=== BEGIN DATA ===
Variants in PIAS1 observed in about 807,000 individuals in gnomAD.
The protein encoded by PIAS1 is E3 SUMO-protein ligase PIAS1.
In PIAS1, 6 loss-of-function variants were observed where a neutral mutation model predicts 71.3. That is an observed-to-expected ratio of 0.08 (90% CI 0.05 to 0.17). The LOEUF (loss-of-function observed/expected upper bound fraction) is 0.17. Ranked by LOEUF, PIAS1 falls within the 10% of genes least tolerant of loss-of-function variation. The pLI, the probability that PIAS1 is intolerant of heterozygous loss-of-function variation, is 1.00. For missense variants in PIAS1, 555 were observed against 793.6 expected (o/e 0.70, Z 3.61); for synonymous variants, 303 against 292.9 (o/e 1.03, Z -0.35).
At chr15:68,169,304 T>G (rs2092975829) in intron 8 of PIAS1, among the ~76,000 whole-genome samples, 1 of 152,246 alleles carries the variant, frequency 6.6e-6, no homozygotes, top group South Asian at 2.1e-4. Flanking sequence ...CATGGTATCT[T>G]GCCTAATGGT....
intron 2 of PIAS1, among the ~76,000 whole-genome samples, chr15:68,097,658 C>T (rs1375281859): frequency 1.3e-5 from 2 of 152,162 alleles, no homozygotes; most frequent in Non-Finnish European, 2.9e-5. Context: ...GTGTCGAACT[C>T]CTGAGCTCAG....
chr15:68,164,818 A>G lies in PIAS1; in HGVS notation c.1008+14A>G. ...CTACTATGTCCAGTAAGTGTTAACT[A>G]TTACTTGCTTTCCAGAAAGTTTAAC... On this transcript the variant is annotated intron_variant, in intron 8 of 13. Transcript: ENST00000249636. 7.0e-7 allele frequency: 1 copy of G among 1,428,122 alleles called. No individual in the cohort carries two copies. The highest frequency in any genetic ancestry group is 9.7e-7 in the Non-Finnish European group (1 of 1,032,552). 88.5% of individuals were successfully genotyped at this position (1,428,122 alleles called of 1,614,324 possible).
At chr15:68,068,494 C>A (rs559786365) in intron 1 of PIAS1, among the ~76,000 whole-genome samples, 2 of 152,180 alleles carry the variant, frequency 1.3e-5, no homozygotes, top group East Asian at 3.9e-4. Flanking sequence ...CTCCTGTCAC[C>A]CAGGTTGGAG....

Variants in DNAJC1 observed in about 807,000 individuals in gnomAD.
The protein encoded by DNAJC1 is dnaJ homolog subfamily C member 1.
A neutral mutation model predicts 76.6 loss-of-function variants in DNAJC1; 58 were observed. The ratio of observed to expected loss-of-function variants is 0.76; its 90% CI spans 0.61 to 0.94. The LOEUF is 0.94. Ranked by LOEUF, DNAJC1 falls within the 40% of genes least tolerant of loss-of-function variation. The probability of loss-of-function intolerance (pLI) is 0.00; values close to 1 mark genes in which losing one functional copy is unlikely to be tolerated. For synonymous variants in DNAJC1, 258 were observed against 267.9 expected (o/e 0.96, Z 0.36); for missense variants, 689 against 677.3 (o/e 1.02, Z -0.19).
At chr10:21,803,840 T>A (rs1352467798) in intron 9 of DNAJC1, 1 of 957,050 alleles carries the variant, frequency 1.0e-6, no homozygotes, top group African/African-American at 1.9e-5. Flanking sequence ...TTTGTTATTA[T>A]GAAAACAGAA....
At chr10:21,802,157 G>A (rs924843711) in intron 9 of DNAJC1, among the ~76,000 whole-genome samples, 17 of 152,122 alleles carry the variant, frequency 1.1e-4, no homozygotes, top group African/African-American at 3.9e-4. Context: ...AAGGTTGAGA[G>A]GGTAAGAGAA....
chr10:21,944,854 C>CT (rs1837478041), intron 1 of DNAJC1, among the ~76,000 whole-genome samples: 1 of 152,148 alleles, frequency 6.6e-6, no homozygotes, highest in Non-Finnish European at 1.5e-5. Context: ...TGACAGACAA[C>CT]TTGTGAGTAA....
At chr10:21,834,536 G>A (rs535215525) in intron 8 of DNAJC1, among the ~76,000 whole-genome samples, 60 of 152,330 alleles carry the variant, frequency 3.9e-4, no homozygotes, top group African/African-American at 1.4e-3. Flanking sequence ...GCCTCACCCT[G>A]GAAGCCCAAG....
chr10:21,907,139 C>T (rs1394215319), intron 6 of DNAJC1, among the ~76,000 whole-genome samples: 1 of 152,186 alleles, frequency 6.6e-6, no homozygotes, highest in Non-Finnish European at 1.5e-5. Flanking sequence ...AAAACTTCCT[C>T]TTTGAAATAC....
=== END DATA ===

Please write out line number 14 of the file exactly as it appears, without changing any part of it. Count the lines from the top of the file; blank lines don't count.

At chr10:21,834,536 G>A (rs535215525) in intron 8 of DNAJC1, among the ~76,000 whole-genome samples, 60 of 152,330 alleles carry the variant, frequency 3.9e-4, no homozygotes, top group African/African-American at 1.4e-3. Flanking sequence ...GCCTCACCCT[G>A]GAAGCCCAAG....